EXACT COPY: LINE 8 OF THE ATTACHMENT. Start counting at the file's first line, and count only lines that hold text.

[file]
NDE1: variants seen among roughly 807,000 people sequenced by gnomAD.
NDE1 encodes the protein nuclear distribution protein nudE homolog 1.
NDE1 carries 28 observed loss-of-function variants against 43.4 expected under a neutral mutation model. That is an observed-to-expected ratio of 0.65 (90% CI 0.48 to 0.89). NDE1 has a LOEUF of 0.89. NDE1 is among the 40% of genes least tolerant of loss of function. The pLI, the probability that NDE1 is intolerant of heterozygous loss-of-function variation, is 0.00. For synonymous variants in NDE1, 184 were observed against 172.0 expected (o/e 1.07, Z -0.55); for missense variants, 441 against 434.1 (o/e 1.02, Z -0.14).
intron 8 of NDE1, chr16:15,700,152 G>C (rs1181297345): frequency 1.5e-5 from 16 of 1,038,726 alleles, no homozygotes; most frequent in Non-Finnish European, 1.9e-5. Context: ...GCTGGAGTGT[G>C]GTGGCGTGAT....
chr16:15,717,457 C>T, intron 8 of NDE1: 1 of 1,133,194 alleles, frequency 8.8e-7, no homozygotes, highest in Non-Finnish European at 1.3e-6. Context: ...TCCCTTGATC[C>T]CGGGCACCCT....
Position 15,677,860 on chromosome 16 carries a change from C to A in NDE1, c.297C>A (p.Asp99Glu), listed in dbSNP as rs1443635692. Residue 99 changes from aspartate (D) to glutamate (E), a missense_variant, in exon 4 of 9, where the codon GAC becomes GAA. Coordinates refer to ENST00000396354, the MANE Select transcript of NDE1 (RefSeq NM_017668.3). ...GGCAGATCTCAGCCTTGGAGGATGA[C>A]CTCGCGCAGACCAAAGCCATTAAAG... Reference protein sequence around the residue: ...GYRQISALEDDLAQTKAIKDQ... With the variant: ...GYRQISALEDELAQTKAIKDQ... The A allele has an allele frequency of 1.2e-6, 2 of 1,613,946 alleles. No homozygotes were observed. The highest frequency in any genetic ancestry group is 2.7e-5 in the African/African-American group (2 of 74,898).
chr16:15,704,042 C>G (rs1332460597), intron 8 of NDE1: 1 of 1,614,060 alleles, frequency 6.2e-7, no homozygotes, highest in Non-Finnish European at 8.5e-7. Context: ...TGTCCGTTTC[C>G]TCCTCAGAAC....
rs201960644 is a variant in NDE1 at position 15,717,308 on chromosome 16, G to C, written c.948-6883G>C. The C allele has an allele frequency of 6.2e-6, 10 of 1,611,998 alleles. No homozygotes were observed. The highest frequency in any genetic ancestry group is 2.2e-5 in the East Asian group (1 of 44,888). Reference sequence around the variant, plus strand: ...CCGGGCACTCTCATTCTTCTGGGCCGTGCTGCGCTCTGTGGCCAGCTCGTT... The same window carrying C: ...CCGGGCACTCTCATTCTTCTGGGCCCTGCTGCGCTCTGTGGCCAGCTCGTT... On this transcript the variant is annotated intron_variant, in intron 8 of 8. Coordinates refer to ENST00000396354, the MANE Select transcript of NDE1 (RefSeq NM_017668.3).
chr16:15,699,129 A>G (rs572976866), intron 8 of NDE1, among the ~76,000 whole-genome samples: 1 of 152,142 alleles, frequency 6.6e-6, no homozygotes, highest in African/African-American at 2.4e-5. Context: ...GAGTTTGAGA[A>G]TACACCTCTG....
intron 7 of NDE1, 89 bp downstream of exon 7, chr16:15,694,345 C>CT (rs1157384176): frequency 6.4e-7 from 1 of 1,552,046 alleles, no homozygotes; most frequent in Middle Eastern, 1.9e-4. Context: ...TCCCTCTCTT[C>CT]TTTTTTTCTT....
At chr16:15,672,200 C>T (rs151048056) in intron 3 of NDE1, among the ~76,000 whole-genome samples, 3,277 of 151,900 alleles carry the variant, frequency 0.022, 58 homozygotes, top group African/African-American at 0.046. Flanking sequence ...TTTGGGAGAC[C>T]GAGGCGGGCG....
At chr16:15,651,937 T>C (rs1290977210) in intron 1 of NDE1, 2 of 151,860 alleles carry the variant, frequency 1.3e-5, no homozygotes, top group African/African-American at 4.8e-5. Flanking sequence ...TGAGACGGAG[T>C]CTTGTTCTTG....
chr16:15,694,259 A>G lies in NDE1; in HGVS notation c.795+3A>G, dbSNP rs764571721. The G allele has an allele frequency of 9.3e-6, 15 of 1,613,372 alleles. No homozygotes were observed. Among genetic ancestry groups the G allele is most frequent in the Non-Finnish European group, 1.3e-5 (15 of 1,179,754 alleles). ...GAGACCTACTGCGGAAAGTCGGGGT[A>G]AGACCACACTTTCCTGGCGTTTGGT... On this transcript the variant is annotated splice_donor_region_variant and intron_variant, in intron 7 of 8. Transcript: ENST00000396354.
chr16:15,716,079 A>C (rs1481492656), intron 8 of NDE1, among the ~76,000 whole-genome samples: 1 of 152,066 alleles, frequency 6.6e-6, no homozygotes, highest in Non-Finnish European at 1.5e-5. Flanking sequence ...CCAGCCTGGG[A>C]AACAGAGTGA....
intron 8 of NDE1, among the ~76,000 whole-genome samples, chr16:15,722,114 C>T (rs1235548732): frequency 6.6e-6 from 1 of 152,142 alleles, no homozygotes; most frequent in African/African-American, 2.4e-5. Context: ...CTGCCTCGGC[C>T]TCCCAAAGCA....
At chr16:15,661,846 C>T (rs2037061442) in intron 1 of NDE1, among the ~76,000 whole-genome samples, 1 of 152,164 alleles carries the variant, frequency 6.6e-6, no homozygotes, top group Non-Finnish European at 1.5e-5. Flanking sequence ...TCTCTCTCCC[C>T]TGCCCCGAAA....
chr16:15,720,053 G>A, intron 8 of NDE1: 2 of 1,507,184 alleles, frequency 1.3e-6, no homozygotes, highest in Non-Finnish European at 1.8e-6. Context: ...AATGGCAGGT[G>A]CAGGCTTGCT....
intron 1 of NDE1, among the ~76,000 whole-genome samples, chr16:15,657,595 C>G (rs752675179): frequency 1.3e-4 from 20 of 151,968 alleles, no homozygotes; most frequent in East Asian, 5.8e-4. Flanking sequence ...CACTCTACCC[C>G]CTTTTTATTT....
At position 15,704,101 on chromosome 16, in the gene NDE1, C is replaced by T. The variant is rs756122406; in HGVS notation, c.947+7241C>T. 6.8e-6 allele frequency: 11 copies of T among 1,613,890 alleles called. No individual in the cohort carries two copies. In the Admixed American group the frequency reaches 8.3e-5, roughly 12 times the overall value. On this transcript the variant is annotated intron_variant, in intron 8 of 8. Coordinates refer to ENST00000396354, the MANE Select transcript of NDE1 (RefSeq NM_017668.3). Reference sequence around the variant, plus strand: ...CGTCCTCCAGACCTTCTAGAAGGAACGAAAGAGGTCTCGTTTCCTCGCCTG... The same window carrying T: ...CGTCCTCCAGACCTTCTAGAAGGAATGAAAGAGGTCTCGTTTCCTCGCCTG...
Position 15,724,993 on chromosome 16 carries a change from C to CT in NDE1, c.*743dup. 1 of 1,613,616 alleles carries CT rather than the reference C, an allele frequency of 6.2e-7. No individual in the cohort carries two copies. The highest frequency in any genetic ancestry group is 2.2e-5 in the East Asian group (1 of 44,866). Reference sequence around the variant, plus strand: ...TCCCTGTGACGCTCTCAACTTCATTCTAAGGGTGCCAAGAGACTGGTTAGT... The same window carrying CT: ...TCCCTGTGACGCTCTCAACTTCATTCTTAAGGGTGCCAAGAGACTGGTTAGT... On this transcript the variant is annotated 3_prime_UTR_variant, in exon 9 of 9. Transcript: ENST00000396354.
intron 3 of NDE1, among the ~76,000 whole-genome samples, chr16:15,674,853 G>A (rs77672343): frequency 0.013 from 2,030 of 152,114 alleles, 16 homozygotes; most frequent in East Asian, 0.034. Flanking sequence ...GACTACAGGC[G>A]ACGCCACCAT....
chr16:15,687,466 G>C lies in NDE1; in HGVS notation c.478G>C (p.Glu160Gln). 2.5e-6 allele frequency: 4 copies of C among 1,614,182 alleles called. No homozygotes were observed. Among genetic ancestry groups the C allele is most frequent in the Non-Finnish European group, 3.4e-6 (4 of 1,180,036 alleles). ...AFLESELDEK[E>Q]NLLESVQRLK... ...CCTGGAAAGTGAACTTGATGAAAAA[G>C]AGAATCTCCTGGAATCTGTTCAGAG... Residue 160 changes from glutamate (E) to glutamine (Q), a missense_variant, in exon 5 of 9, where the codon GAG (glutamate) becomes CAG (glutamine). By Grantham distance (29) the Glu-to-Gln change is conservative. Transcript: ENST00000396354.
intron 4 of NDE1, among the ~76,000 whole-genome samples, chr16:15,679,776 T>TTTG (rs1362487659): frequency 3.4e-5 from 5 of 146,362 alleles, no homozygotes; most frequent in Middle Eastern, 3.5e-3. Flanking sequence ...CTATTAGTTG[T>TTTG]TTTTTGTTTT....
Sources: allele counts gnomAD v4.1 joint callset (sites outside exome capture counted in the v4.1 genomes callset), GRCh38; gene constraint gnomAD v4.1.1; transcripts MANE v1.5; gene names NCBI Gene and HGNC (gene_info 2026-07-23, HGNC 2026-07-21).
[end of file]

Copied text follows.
rs201960644 is a variant in NDE1 at position 15,717,308 on chromosome 16, G to C, written c.948-6883G>C. The C allele has an allele frequency of 6.2e-6, 10 of 1,611,998 alleles. No homozygotes were observed. The highest frequency in any genetic ancestry group is 2.2e-5 in the East Asian group (1 of 44,888). Reference sequence around the variant, plus strand: ...CCGGGCACTCTCATTCTTCTGGGCCGTGCTGCGCTCTGTGGCCAGCTCGTT... The same window carrying C: ...CCGGGCACTCTCATTCTTCTGGGCCCTGCTGCGCTCTGTGGCCAGCTCGTT... On this transcript the variant is annotated intron_variant, in intron 8 of 8. Coordinates refer to ENST00000396354, the MANE Select transcript of NDE1 (RefSeq NM_017668.3).